When someone Daryl Davis has befriended leaves the Ku Klux Klan, he often gives Davis the robe he wore as a member of that group. Over the years, Davis, by his own account, has amassed dozens of these retired jerseys of hate. Accidental Courtesy: Daryl Davis, Race & America, which premiered this week at SXSW, chronicles Davis’s attempts to impact America by changing the hearts and minds of one racist at a time.
Davis goes to Klan rallies. He has invited Klansmen to his home and visited them. He calls some of them “friend” even as they call him inferior. In one moving segment, the film recounts how Davis met the daughters of an incarcerated Klan member at the airport and drove them to the prison so that they could visit their father. Eventually the family noticed that none of the man’s Klan colleagues were serving or loving them as much as Davis was. Their ideology of hate collapsed in the face of undeserved compassion.
“When something bothers me, I try to learn about it,” Davis told me in an exclusive interview at the Austin-based film festival after Accidental Courtesy premiered. Part of what makes him so effective at talking to the Klan is that he has read every book he can find on the subject. He asks questions. He gathers information. He listens. Often, it is readily apparent that he knows more about the Klan, its history, and its practices, than does the person with whom he is dialoging. “I never set out to convert anyone,” he says in the film. Through a mix of diplomacy and Socratic questioning, he will sometimes see a racist begin to think about his ideology rather than simply proclaim it. Eventually, “they end up converting themselves.”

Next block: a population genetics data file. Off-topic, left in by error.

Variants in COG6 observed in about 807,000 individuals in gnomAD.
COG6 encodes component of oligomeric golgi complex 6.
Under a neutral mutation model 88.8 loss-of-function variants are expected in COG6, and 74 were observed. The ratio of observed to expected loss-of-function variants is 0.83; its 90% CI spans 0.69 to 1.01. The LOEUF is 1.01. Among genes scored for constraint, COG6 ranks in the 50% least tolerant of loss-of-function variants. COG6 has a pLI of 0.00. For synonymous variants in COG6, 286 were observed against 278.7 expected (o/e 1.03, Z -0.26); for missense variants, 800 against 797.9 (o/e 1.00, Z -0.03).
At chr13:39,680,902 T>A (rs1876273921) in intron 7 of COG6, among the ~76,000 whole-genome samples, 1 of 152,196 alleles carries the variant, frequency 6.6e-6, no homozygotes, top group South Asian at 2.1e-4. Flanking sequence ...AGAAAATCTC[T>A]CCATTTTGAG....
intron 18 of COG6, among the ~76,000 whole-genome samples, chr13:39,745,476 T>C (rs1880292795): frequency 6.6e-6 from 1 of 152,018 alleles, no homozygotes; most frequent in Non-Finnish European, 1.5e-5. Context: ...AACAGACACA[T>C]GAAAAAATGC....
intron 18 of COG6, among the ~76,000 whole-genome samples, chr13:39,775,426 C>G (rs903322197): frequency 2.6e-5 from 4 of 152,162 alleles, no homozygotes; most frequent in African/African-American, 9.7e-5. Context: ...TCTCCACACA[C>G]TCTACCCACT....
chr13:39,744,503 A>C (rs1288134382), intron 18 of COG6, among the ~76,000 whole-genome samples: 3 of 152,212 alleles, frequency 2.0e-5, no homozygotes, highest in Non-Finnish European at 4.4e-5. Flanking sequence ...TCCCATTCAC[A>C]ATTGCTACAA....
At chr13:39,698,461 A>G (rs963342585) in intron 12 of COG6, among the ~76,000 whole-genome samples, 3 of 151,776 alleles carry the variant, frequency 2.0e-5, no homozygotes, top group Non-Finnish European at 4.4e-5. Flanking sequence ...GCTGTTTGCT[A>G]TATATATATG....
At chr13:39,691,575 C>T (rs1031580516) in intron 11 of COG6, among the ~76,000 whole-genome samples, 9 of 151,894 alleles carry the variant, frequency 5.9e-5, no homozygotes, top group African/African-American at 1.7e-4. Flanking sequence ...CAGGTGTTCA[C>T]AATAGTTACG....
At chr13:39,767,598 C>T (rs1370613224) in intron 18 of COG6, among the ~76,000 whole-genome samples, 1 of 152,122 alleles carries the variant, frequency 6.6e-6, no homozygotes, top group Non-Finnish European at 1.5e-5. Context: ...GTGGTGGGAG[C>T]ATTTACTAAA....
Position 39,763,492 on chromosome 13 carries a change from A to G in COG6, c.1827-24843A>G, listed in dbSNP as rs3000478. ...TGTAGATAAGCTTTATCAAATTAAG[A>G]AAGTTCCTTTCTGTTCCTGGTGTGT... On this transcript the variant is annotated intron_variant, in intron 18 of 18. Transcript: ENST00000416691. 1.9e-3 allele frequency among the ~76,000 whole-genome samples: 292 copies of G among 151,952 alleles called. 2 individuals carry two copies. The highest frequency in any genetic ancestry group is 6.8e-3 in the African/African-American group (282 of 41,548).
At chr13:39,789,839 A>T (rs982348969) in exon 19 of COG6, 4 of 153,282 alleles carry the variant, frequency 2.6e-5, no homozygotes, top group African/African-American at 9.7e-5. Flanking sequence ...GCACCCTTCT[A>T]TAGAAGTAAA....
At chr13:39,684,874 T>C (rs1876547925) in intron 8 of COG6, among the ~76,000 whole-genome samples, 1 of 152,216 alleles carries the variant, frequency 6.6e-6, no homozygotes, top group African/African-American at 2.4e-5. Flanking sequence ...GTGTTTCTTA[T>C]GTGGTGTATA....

In our interview, ...1